Hazel with white, gray or blue flecks (Cool)
Hazel with gold or brown flecks (Warm)
Deep brown or black-brown (Cool)
Gray blue or dark blue (Cool)

What color is your skin tone?
Medium with no color in cheeks (Cool)
Medium with faint pink cheeks (Cool)
Medium with golden undertones (Cool)
Pale with pink undertones (Cool)
Pale with no color in cheeks (Cool)
Brown with pink undertone (Warm)
Very dark brown (Cool)
True olive (most Asians and Latinos) (Cool)
Pale with peach or gold undertones (Warm)
Freckled (Warm)
Ruddy (Warm)
Brown or bronze (during tanning season) (Cool)
Golden brown (during tanning season) (Warm)

What color is your hair?
Golden blond (Cool)
Strawberry blond (Warm)
Dishwater blond (Cool)
Red (Warm)
Medium golden brown (Cool)
Deep brown with gold or red highlights (Warm)
Medium ash brown (Cool)
Deepest coffee brown (Cool)
Blue black (Cool)
White (Cool)
Gray with a yellow cast (Warm)
Salt and pepper (Cool)

The verdict

So what did you discover? Were most of your answers “cools”? If so then your natural tones fall into the cool spectrum. The opposite is true if most of your “yes” answers were warm.

Cool
The best shades for people in the cool spectrum are shiny raven-wing blacks, cool ash browns, cool blondes in shades ranging from mink to platinum and icy white. Naturally cool women should avoid yellow, red, gold and bronze tones, which have a tendency to make an individual look sallow and drawn.

Warm
Shades of deep chocolate, rich golden browns and auburn, warm gold and red highlights and golden blond shades enhance those who fall into the warm category. Weaving and highlighting are a terrific way to add warm tones to your hair. Naturally warm people should avoid violet, blue, white and jet black hair, which will appear to “wash out” your natural hair color.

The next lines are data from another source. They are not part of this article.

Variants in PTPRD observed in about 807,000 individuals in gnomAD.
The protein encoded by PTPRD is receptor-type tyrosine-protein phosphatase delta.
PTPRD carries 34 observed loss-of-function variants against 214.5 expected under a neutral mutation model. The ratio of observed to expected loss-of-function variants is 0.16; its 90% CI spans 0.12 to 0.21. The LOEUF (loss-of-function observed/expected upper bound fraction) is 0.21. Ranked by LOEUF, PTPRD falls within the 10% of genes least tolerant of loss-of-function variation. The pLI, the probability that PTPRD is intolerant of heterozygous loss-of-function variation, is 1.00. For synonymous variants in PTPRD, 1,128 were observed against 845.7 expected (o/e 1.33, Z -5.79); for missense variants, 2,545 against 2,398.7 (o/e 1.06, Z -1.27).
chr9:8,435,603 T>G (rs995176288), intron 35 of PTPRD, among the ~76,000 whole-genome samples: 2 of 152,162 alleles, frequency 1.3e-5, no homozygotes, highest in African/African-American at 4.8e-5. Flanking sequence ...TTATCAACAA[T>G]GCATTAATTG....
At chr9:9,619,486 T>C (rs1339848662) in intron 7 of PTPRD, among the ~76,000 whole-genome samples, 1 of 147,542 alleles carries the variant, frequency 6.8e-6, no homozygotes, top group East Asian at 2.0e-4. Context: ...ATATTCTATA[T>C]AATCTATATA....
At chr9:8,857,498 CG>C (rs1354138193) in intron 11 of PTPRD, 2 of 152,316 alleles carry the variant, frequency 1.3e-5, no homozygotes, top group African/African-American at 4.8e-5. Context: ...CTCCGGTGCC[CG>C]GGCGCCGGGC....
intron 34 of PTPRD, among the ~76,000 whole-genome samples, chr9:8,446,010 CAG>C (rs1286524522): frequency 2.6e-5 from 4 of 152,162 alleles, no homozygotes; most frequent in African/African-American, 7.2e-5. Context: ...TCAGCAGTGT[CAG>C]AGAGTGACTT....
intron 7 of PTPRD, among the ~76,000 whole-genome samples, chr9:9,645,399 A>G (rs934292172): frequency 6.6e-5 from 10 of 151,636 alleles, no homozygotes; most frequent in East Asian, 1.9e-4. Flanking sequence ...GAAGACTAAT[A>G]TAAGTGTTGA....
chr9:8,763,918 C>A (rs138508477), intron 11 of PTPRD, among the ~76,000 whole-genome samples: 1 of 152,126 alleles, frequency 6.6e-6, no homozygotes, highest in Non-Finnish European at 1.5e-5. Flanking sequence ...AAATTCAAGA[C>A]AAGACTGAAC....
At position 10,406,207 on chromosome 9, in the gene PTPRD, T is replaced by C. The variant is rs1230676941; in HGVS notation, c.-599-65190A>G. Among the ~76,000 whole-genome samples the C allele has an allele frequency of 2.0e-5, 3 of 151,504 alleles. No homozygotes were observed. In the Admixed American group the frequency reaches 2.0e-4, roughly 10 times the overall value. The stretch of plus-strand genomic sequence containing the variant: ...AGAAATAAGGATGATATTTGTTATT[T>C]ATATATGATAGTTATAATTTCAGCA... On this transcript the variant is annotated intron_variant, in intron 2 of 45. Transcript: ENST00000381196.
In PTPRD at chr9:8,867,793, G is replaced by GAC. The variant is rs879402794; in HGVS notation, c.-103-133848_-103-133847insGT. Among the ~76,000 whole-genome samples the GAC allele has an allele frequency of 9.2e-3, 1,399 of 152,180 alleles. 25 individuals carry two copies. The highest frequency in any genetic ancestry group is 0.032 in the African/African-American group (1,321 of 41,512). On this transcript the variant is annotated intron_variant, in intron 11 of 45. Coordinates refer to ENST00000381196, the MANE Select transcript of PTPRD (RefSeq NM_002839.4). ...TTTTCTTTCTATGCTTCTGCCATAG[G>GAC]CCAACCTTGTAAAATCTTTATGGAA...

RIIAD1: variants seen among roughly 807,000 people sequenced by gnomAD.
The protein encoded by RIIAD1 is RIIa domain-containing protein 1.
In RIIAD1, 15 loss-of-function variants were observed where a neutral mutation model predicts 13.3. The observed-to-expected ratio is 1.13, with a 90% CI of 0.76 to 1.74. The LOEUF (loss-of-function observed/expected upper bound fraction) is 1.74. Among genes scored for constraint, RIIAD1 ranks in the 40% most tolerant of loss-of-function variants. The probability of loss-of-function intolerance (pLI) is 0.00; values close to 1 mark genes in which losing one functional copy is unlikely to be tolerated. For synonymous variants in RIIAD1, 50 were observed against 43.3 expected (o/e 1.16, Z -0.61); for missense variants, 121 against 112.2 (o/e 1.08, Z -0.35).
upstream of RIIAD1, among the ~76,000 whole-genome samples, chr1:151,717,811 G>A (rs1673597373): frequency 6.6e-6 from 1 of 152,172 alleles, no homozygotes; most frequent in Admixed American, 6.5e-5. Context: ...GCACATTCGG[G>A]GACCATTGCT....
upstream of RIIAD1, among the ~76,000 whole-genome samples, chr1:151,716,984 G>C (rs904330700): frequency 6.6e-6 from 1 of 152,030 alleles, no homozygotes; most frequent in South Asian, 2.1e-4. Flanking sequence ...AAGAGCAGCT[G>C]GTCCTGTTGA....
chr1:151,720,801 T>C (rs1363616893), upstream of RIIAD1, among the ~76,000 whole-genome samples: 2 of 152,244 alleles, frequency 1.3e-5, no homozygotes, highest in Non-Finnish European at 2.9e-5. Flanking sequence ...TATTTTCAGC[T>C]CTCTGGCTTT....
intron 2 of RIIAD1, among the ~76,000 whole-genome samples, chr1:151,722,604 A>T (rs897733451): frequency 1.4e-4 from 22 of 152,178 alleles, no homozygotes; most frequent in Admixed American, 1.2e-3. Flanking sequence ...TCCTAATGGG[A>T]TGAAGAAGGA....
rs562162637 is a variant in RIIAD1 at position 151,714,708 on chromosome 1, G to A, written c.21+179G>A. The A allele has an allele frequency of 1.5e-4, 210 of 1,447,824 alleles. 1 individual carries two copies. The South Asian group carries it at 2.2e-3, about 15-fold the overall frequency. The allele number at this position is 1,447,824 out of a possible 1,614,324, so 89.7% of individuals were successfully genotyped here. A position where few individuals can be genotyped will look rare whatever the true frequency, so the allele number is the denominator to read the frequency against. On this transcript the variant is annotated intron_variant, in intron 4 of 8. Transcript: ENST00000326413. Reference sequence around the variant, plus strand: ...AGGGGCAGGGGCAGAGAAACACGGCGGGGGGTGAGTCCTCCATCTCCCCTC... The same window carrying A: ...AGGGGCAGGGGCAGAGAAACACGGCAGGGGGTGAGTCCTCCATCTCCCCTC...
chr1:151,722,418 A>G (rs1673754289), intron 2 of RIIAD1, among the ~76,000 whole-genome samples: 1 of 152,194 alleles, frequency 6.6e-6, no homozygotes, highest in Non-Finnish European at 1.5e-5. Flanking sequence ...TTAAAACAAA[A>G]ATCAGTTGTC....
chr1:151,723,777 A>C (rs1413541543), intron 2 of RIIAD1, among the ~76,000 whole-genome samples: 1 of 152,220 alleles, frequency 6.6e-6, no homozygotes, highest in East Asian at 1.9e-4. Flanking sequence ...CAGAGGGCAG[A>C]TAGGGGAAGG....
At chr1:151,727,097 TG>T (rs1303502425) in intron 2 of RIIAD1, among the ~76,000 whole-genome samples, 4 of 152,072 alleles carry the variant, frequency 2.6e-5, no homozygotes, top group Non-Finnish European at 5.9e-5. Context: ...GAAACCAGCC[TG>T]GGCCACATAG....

A few things to keep in mind to achieve the color you want:

If you can’t decide between two shades, go for the lighter one. It’s easier to darken hair than to lighten it.

If you’re new to dark hair color, opt for a rich brown and work your way up to a black tone. Also black hair looks best on women with lighter skin tones.

If you have darker hair, choose a color that is two shades lighter than your desired result.

Red has the highest amount of pigment, which is why it is the most difficult color to maintain. Warmer reds are more natural looking than blue-based reds.

For gray coverage, choose a shade that has neutral or natural in its name.

Use a clarifying shampoo before coloring to help keep hair in excellent condition.

When in doubt, ask. coloring companies that have toll-free telephone numbers and websites to offer comprehensive coloring advice. Don’t be shy when it comes to finding out the facts. Your hair is your crowning glory after all so you want to get the coloring process right the first time around! Cosmeticians at your local drugstores and department stores are also a wealth of information so seeking one out to help you choose the right shade might be the best first step for you to take.

So now you are ready to mix and color and revel in the exciting results. Best of luck mommies!

Friday, September 22, 2006

Ways to Remember

By Heather Pohlabel

I am by far the most paranoid of all of my friends with children. Not only am I paranoid that something will happen to them, I worry that something will happen to me. I often come up with little ways to make sure that is something were to happen to me that I would no longer be around to raise my children, that they would know how much I loved them and that I would be able to pass on some sage advise and wishes for them. Here are a few of the things I've come up with:

Jotting notes. You would be surprised at what kids keep. Sometimes slipping them a little note or card will not only make their day when they receive it, they will probably hold on to it and will have it even long after you are gone. They will always remember where or why they got the surprise and how it made them feel. My daughter still keeps a napkin I put in her lunchbox the first day of first grade. She still reminds me that I used to do that and how nice it was to open up her lunch box and see a note from me! This is something she will remember forever and will probably do with her own children.